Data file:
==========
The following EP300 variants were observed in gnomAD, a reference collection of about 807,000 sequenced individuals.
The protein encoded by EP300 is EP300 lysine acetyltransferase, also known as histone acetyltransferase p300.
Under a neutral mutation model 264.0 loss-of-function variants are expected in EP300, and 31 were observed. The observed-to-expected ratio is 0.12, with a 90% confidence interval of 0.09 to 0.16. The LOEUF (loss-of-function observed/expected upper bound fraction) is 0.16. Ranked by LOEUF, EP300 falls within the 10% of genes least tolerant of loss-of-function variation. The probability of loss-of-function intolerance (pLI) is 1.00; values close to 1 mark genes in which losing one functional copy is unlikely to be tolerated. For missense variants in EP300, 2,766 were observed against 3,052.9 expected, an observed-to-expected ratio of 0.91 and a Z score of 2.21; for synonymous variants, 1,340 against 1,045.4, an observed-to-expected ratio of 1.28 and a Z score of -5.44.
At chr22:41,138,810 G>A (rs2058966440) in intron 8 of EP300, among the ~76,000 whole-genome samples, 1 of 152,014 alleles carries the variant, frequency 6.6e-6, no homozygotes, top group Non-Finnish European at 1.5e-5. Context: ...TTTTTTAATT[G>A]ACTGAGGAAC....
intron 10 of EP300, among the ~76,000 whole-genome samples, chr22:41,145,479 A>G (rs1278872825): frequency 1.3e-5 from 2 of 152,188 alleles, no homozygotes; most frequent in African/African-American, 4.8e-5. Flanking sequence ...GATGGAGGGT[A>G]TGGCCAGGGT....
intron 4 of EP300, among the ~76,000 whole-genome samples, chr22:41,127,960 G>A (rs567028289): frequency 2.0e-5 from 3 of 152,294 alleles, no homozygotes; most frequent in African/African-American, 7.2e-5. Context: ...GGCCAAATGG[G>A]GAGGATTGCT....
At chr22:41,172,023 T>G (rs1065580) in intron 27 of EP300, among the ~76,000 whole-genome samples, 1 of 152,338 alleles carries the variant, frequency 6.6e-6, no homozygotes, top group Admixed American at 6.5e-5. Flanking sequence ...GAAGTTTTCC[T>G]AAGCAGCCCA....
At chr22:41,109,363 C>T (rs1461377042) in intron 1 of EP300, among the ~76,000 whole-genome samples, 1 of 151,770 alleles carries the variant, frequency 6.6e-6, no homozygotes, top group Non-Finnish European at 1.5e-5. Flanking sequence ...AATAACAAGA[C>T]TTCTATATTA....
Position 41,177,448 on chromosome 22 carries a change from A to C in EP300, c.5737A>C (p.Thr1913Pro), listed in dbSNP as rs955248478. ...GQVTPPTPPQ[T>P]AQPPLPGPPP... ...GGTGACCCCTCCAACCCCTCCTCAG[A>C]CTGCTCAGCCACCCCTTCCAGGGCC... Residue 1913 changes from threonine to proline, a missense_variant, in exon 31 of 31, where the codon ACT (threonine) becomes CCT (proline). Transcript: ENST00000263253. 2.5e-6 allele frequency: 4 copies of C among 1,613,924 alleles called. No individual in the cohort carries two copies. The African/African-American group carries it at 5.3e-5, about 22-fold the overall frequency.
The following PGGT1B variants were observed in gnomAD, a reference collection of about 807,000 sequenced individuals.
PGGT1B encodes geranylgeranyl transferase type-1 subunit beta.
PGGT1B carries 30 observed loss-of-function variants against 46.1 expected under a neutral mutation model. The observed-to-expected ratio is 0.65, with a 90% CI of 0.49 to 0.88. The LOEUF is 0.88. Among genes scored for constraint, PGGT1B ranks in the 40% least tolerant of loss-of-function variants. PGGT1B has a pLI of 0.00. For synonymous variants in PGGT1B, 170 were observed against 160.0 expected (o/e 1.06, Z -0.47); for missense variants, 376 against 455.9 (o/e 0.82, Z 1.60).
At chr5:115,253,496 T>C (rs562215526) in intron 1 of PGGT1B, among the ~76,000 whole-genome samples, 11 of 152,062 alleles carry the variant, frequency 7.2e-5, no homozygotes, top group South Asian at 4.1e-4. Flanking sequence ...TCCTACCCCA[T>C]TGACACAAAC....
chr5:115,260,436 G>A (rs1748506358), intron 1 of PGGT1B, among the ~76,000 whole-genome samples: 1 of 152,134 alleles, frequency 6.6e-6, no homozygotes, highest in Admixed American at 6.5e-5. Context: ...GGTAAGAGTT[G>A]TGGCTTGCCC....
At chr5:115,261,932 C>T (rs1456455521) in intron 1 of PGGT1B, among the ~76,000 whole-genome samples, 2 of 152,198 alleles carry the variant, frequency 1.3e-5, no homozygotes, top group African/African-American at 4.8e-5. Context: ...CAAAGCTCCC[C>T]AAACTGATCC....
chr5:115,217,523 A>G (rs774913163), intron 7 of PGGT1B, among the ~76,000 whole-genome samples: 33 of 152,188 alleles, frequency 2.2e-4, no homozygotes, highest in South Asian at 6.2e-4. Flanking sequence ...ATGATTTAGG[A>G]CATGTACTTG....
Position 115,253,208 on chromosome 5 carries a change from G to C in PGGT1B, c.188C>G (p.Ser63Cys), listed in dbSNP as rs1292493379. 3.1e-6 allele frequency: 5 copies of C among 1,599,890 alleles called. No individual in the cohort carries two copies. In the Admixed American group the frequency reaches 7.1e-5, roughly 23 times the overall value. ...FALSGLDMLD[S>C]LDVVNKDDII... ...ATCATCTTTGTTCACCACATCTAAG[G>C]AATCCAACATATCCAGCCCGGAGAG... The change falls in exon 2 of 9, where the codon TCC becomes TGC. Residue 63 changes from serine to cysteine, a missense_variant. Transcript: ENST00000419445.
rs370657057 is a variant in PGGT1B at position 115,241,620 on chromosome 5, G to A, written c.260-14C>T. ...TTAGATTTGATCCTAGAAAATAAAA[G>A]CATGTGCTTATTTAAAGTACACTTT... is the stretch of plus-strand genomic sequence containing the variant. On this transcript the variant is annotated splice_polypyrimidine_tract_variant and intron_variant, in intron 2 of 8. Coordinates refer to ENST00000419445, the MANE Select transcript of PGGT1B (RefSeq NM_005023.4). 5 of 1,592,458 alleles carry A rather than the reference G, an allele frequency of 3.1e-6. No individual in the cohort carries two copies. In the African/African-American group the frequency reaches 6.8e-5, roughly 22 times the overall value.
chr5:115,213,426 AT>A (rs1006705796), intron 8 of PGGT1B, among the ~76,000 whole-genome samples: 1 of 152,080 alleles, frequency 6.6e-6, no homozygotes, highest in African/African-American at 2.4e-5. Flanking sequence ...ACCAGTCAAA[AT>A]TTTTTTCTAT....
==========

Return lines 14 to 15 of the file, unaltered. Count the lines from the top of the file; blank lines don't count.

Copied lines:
chr5:115,260,436 G>A (rs1748506358), intron 1 of PGGT1B, among the ~76,000 whole-genome samples: 1 of 152,134 alleles, frequency 6.6e-6, no homozygotes, highest in Admixed American at 6.5e-5. Context: ...GGTAAGAGTT[G>A]TGGCTTGCCC....
At chr5:115,261,932 C>T (rs1456455521) in intron 1 of PGGT1B, among the ~76,000 whole-genome samples, 2 of 152,198 alleles carry the variant, frequency 1.3e-5, no homozygotes, top group African/African-American at 4.8e-5. Context: ...CAAAGCTCCC[C>T]AAACTGATCC....